I say. Indeed, I like this, and that is also a reason to have it in the crisis series, which tends to be rather disheartening, at least for those who aren't rich already.

There is rather a lot more in the article, but I will quote just two more bits.

First, there is this:
Corbyn’s opponents insist that he’s a throwback offering “old solutions”. That seems to be based mainly on his commitment to public ownership of rail and energy – which is not only supported by large majorities of the public but also reflects a growing trend towards new forms of social ownership across Europe, especially in Germany.

The real objection is that Corbyn represents a break with City-backed austerity and a powerful commitment to public investment. Add to that his opposition to Trident renewal and endless British warmaking, and the challenge he represents to the establishment consensus is obvious enough.
Yes, I agree - and "Corbyn's opponents", at least the ones I read or briefly glanced at, are all Blairite Tory-lite careerists, who tend to forget that Blair made himself between 20 million and 80 million pounds; that his arisal was considered by Thatcher her biggest service to England; and who totally changed the leftist
position of Labour to the rightist position of New Labour by supporting the trashy
total bullshit that was Clinton's and Blair's "Third Way", that also replaced most of Labour's lefts by Blair's careerist Tory-lites. [1]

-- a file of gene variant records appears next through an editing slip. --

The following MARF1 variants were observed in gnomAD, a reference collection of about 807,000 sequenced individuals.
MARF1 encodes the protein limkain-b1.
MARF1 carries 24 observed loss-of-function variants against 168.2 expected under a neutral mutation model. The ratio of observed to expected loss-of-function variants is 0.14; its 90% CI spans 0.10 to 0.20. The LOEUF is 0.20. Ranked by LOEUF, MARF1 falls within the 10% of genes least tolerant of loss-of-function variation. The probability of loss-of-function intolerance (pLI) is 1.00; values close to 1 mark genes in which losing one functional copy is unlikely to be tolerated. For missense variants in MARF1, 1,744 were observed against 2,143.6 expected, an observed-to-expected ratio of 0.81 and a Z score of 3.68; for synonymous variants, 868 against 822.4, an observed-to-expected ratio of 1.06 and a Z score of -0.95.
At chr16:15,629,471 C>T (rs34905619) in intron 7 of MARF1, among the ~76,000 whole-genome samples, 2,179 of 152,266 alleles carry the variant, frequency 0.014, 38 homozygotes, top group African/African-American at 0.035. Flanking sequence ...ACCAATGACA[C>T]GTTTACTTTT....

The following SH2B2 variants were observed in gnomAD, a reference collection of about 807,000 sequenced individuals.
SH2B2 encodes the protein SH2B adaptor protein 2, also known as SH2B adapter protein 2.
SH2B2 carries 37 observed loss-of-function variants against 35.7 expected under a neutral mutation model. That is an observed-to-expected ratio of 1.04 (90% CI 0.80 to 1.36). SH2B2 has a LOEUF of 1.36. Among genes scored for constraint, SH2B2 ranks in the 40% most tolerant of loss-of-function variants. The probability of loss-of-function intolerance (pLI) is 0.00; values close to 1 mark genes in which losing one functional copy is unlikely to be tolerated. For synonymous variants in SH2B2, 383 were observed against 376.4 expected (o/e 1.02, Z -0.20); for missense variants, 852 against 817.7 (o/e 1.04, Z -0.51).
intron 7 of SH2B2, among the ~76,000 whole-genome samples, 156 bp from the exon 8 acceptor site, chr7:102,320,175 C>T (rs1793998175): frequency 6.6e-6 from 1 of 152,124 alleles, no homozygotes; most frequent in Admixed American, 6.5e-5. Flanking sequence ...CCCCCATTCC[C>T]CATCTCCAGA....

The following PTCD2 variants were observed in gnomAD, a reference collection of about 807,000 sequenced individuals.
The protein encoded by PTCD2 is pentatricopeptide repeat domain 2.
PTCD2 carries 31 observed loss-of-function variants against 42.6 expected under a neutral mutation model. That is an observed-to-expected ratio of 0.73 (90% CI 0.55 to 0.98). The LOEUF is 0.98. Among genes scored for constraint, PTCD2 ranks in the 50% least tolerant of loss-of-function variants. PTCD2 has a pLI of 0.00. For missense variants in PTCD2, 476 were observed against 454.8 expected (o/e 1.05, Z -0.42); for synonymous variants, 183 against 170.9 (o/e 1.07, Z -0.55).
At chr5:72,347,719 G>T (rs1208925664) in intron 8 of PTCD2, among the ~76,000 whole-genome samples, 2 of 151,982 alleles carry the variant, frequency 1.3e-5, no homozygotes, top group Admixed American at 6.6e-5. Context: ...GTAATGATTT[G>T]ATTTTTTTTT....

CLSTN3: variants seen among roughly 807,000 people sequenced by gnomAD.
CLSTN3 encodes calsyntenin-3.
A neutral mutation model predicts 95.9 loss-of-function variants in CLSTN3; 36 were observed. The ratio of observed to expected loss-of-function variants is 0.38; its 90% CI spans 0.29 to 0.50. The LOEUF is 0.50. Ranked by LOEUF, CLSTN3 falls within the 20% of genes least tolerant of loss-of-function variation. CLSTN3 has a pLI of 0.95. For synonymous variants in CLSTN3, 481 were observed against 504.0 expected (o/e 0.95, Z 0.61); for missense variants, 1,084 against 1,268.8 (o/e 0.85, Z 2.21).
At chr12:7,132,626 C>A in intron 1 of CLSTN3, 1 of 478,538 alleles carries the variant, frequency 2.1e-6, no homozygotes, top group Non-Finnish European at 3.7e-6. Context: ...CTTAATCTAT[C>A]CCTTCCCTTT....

And while I did not agree to rather a lot of Labour's policies until Blair, it was, until Blair, a genuine leftist party, and it ceased to be one after Blair won the elections and started changing the Labour Party into his Tory-lite New Labour image.

Finally, a strongly and genuinely rightist party like the Tories needs a strongly and genuinely leftist party like the Labour party, but unlike "New Labour".

At least - that is what I think, and while I am not important and indeed not even British (though I know England, at least, fairly well, and also lived there, though long ago, in the early 70ies), that is also more or less what hundreds of thousands of British seem to think now, and that is important.

There is considerably more in Seumas Milne's piece, but I will only quote this:

It’s possible, of course, that the relentless attacks will tip the vote against Corbyn after all. But if not, he will face an even more ferocious onslaught thereafter. That will come not only from the Conservatives and the media, but from sections of the Labour establishment that can be expected to launch a parliamentary campaign to undermine and unseat him.